Media & Marketing and Philanthropy

In midst of sale, Marsh rolling out new slogan: Grocer says it's the place to 'Treat your family well'

June 12, 2006

Executives at Fishers-based Marsh Supermarkets Inc. aren't sitting on their hands, despite signing an offer a little more than a month ago to sell the grocery chain to a private equity group in Florida.

For the past two years, they've been scratching away on flip charts coming up with a new brand. And they figure they might as well put it to use.

They launched the new identity last month with the help of Dallas-based Ivie & Associates Inc., an advertising agency that works primarily with retail clients.

"We want a consistent message on 'Treat your family well,'" said Charlie Barnard, president of the company's supermarket division. "Once the whole package is put together, as far as the signage, the TV [ads], the print ads and the radio ads, I think it'll be a very effective program for us going forward."

The company settled on the slogan after research revealed 80 percent of Marsh's customers are females shopping for families, Barnard said.

Marsh will also continue to use "Experts in fresh" and "We value you" in its advertising, two tag lines that have long been associated with the grocer.

Barnard would not reveal how much the company is spending on the campaign. From 2003 to 2005, Marsh spent between $3.9 million and $4.3 million a year on advertising, according to Arlington, Va.-based TNS Media Intelligence.

The new campaign is unrelated to the company's ongoing sale.

"It's business as usual," said company spokeswoman Myra Borshoff Cook. "This would have taken place regardless of what was happening in terms of the strategic alternatives."

On May 2, Marsh signed a definitive agreement to be purchased by Boca Raton, Fla.-based Sun Capital Partners for $88 million. A second suitor, a partnership between Dallas-based Cardinal Paragon Inc. and New York-based Drawbridge Special Opportunities Advisors LLC, subsequently offered $108 million.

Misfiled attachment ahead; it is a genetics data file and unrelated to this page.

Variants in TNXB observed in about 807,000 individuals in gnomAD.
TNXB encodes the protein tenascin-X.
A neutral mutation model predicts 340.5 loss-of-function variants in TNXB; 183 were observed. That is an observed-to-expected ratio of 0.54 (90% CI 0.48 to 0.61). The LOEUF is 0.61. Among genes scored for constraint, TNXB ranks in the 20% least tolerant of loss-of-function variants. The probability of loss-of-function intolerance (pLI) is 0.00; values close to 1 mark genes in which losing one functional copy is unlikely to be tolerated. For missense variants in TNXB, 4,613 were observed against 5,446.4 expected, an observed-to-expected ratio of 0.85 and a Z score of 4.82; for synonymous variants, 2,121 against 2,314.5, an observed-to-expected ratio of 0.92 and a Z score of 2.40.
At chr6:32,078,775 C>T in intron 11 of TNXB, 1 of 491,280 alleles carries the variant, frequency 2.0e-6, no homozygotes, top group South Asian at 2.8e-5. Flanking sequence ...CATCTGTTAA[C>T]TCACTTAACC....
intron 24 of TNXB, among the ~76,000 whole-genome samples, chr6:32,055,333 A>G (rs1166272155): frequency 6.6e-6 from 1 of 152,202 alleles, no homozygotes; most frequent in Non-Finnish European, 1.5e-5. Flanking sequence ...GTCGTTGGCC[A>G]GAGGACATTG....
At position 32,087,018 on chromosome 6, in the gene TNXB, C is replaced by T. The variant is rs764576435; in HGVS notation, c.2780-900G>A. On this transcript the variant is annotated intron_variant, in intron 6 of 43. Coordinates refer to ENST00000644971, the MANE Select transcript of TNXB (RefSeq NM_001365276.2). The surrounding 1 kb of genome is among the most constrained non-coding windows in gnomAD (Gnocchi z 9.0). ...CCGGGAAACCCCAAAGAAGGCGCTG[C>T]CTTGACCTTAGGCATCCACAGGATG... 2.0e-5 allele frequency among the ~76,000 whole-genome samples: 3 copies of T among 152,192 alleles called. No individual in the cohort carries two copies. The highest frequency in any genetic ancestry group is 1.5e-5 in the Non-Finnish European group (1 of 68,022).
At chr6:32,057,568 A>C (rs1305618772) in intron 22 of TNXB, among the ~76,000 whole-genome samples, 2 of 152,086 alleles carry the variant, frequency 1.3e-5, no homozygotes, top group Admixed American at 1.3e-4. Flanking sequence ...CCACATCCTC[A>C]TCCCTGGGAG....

Marsh isn't saying whether it's negotiating to accept the offer from Cardinal-Drawbridge, or what the likelihood is of either suitor keeping the new advertising campaign in place. Borshoff Cook would only say that Sun Capital is "aware of Marsh's marketing efforts."

In addition to the television, print and radio ads, Marsh has created the position of chief customer officer, underscoring its commitment to treating shoppers, and their families, well.

Danny O'Malia, who also serves as president of the company's O'Malia Food Markets Inc. division, has been tapped to fill the role. Roughly half his time will now be spent visiting stores and conversing with shoppers.

"My job overall ... is to make sure we take the best care of the customers we can," O'Malia said.

Grocery analysts said it's a smart move.

"Anytime you get an executive to get out in the stores talking to people, it can't hurt," said David Livingston, managing partner of Pewaukee, Wis.-based DJL Research LLC.

The grocer is also stepping up its "grass-roots" philanthropic efforts by encouraging employees to volunteer in the community and starting an employeerecognition program.

"Marsh has been very generous in terms of its corporate giving and it's great that they're making a commitment to redouble their efforts," said Patrick Rooney, research director of the Indiana University Center on Philanthropy. He noted the new campaign could have the added benefit of boosting what some say is flagging employee morale in the wake of the sale.

Advertising professionals were split on the campaign's potential.

"Long term, you can receive really bigger dividends from having a strong brand image and having ... the right value ... than you can ever get for item-price advertising," said Bob Gustafson, a Ball State University professor of advertising.

While he hadn't seen the new ads, Tom Denari, president of the Indianapolis advertising agency Young & Laramore, said: "Oftentimes, a line like [Treat your family well] is what's dubbed as, 'Your strategy is showing.' People are savvy enough to realize that it's just advertising."


Chief Customer Officer Danny O'Malia chats with shoppers Betty Anton, left, and Janice Kleinbub. Marsh created the post to reconnect with customers.
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